Antidepressants are building blocks. They're the foundation for many depressed people's efforts to manage the disease. Both doctors Carroll and Manejwala speak highly of therapy as a complementary means of treatment. It's a safe outlet to talk about your feelings with an objective person. But it's also important to involve people in your regular life with your recovery because your friends often play a major role in treating depression. "People suffering from depression or anxiety need to make an extra effort get out and socialize," Dr. Will Courtenay tells me as "social support is strongly linked with improved mental health and decreased stress." From there, antidepressants can be seen as platforms for positive thinking rather than a crutch. You do not rely on antidepressants, you use them proactively.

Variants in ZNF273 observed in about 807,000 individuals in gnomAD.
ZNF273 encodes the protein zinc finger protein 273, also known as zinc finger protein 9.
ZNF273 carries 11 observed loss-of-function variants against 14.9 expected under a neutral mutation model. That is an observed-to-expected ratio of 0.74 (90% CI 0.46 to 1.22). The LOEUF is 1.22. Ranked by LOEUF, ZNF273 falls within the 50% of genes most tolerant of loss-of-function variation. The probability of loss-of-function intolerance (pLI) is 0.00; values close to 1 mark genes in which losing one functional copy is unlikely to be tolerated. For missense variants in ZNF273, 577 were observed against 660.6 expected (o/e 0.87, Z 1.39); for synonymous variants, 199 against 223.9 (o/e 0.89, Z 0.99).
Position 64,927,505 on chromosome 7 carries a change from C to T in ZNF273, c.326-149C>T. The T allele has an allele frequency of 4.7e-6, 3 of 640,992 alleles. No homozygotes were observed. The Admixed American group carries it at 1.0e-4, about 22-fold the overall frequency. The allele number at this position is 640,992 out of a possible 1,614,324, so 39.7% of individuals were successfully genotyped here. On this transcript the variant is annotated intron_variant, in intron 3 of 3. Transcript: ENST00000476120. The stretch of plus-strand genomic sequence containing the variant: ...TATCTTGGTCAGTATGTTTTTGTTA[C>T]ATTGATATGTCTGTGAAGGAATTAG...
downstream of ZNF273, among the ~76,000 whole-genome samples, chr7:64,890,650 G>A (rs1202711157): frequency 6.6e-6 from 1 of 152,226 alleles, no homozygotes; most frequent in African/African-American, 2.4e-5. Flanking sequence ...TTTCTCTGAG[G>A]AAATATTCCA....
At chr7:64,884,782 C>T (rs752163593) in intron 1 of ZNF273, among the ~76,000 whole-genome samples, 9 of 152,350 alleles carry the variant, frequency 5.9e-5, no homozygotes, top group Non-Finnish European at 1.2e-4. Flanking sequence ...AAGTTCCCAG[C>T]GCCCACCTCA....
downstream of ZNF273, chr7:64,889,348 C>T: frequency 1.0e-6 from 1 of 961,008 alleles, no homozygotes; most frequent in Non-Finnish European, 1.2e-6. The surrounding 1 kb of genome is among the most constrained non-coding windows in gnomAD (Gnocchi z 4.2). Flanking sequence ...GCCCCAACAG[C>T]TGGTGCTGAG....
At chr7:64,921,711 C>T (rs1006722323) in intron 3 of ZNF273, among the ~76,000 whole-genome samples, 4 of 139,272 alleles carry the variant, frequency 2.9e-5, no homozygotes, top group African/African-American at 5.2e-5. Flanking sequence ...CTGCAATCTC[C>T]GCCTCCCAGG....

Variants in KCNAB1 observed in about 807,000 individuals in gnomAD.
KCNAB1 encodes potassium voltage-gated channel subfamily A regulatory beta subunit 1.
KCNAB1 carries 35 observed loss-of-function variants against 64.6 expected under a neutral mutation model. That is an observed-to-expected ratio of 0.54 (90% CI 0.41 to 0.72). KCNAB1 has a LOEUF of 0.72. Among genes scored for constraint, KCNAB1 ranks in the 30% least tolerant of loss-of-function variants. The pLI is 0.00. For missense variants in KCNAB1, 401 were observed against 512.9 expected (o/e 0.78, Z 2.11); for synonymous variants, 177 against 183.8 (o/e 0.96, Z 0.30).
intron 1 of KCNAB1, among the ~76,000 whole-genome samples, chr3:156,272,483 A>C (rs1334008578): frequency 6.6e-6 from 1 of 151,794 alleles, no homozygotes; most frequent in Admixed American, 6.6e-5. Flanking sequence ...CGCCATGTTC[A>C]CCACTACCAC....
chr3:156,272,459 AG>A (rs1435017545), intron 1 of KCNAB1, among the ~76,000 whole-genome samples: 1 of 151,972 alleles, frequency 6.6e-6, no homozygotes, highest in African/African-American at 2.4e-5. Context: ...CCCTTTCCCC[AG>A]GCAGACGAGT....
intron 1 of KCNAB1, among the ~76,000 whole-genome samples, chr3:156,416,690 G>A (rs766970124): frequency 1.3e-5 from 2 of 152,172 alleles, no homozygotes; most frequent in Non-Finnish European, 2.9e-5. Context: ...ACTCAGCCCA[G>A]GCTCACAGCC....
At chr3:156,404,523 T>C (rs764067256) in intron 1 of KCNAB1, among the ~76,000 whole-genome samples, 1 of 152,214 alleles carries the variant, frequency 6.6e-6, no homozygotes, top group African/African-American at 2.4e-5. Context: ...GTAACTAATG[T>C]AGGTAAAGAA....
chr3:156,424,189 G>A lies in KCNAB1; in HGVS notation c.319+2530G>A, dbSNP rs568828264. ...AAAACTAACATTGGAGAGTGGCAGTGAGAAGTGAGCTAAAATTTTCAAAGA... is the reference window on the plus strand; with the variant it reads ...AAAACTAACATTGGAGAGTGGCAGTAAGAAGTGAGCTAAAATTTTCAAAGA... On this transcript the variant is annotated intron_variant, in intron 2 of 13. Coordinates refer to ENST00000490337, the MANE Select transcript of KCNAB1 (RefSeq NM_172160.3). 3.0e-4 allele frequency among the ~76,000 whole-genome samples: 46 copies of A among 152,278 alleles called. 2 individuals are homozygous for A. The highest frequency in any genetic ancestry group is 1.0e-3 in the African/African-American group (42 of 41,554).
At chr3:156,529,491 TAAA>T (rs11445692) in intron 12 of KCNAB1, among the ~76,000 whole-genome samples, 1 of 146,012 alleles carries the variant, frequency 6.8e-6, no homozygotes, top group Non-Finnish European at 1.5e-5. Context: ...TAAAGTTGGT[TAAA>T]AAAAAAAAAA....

Dr. Manejwala says, "Depression is a treatable condition, but sadly, the vast majority of people with depression will not get help because of shame, stigma, not having access to treatment, not getting the right treatment, not believing that they have a condition or a sense of hopelessness that is often a symptom of the disease itself. But with the right help and support, most people with depression can recover and live happy, productive lives." Step one is, of course, accepting you're depressed. It gets better from there. I promise. And no, that's not just my pills talking.

Photo by Jesse Grant/Getty Images

Which one, though?